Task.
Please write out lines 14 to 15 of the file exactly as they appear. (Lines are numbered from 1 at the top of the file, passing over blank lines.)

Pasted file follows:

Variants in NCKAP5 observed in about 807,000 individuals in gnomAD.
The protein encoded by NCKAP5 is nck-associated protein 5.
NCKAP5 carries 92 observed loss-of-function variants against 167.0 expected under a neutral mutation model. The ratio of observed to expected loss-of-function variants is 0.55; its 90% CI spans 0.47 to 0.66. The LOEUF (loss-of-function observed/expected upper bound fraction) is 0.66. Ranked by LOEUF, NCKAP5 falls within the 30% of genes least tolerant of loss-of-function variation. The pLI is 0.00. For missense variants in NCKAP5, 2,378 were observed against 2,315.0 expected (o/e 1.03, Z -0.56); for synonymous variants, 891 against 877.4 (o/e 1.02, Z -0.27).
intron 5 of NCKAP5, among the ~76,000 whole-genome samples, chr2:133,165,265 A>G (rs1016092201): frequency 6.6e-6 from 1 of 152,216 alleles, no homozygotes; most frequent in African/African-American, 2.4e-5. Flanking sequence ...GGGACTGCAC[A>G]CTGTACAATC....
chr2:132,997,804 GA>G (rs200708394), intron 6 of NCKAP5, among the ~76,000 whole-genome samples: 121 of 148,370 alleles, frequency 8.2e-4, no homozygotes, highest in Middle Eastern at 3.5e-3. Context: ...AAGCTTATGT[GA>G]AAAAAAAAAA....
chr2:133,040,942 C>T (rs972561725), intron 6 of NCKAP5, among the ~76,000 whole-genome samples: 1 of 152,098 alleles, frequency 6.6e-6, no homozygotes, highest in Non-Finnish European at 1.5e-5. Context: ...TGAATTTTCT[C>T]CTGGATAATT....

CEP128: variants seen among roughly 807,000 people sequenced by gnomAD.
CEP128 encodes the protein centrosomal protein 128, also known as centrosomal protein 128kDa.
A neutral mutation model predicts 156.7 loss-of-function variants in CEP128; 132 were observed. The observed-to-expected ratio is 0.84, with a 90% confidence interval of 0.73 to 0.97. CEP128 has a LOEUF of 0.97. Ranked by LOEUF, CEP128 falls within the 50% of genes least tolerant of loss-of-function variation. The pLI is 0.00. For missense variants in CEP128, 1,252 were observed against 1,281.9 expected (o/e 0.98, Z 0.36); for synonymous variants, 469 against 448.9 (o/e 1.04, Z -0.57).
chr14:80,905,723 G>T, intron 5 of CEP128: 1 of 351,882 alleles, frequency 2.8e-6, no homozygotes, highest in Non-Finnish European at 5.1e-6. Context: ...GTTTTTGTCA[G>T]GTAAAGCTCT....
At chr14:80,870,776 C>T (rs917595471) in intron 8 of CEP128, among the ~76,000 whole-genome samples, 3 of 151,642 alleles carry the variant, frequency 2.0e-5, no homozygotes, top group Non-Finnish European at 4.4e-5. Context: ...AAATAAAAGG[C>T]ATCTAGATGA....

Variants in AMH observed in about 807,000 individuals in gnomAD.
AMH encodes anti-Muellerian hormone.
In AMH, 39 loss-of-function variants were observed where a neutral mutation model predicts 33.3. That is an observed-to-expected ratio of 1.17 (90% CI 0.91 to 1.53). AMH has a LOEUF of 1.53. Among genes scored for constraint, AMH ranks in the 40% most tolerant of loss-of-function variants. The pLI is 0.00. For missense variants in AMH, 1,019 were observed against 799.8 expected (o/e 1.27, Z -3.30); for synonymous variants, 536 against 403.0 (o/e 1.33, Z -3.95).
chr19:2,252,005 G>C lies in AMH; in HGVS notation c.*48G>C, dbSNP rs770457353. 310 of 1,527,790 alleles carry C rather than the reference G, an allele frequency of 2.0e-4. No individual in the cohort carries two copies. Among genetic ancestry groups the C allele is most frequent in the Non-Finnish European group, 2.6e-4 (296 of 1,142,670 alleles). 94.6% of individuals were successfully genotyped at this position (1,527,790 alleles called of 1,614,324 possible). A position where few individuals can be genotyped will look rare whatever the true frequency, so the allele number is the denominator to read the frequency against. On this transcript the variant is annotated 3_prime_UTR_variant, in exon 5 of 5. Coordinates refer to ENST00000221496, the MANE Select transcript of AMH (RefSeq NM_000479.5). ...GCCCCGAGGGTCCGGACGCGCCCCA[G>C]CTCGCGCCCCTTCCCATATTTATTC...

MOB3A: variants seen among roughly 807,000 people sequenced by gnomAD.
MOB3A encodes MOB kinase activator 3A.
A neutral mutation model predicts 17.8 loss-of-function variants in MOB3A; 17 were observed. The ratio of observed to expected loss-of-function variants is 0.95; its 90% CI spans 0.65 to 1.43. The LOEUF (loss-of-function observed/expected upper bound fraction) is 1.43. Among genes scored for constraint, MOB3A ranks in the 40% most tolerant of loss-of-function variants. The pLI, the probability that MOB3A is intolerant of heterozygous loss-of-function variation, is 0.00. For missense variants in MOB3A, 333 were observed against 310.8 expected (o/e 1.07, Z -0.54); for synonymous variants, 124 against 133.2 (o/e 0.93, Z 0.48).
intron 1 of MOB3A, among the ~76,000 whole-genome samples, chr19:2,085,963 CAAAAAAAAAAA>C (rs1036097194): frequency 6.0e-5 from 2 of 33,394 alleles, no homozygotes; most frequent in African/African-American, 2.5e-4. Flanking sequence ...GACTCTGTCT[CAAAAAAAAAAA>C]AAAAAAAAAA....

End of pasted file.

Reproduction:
In AMH, 39 loss-of-function variants were observed where a neutral mutation model predicts 33.3. That is an observed-to-expected ratio of 1.17 (90% CI 0.91 to 1.53). AMH has a LOEUF of 1.53. Among genes scored for constraint, AMH ranks in the 40% most tolerant of loss-of-function variants. The pLI is 0.00. For missense variants in AMH, 1,019 were observed against 799.8 expected (o/e 1.27, Z -3.30); for synonymous variants, 536 against 403.0 (o/e 1.33, Z -3.95).
chr19:2,252,005 G>C lies in AMH; in HGVS notation c.*48G>C, dbSNP rs770457353. 310 of 1,527,790 alleles carry C rather than the reference G, an allele frequency of 2.0e-4. No individual in the cohort carries two copies. Among genetic ancestry groups the C allele is most frequent in the Non-Finnish European group, 2.6e-4 (296 of 1,142,670 alleles). 94.6% of individuals were successfully genotyped at this position (1,527,790 alleles called of 1,614,324 possible). A position where few individuals can be genotyped will look rare whatever the true frequency, so the allele number is the denominator to read the frequency against. On this transcript the variant is annotated 3_prime_UTR_variant, in exon 5 of 5. Coordinates refer to ENST00000221496, the MANE Select transcript of AMH (RefSeq NM_000479.5). ...GCCCCGAGGGTCCGGACGCGCCCCA[G>C]CTCGCGCCCCTTCCCATATTTATTC...